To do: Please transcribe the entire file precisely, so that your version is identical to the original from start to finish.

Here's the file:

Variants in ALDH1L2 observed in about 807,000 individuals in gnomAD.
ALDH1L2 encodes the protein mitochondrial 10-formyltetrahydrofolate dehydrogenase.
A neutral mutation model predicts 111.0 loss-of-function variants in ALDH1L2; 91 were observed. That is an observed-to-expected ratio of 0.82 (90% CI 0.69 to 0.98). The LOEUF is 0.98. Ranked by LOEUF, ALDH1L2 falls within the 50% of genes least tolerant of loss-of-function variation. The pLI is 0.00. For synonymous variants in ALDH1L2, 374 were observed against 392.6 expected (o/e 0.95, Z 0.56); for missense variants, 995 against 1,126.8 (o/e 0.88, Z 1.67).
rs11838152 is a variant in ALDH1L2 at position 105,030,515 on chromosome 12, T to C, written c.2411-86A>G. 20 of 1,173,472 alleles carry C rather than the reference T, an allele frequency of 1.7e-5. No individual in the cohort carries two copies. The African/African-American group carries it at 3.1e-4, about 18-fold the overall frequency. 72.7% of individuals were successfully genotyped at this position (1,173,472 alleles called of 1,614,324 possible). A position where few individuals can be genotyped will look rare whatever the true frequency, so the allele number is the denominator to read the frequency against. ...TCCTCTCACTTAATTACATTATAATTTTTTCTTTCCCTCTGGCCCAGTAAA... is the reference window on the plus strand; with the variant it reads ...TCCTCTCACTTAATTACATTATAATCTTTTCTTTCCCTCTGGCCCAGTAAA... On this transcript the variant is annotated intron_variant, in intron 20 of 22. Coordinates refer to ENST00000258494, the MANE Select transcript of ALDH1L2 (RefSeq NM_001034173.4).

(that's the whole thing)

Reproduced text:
Variants in ALDH1L2 observed in about 807,000 individuals in gnomAD.
ALDH1L2 encodes the protein mitochondrial 10-formyltetrahydrofolate dehydrogenase.
A neutral mutation model predicts 111.0 loss-of-function variants in ALDH1L2; 91 were observed. That is an observed-to-expected ratio of 0.82 (90% CI 0.69 to 0.98). The LOEUF is 0.98. Ranked by LOEUF, ALDH1L2 falls within the 50% of genes least tolerant of loss-of-function variation. The pLI is 0.00. For synonymous variants in ALDH1L2, 374 were observed against 392.6 expected (o/e 0.95, Z 0.56); for missense variants, 995 against 1,126.8 (o/e 0.88, Z 1.67).
rs11838152 is a variant in ALDH1L2 at position 105,030,515 on chromosome 12, T to C, written c.2411-86A>G. 20 of 1,173,472 alleles carry C rather than the reference T, an allele frequency of 1.7e-5. No individual in the cohort carries two copies. The African/African-American group carries it at 3.1e-4, about 18-fold the overall frequency. 72.7% of individuals were successfully genotyped at this position (1,173,472 alleles called of 1,614,324 possible). A position where few individuals can be genotyped will look rare whatever the true frequency, so the allele number is the denominator to read the frequency against. ...TCCTCTCACTTAATTACATTATAATTTTTTCTTTCCCTCTGGCCCAGTAAA... is the reference window on the plus strand; with the variant it reads ...TCCTCTCACTTAATTACATTATAATCTTTTCTTTCCCTCTGGCCCAGTAAA... On this transcript the variant is annotated intron_variant, in intron 20 of 22. Coordinates refer to ENST00000258494, the MANE Select transcript of ALDH1L2 (RefSeq NM_001034173.4).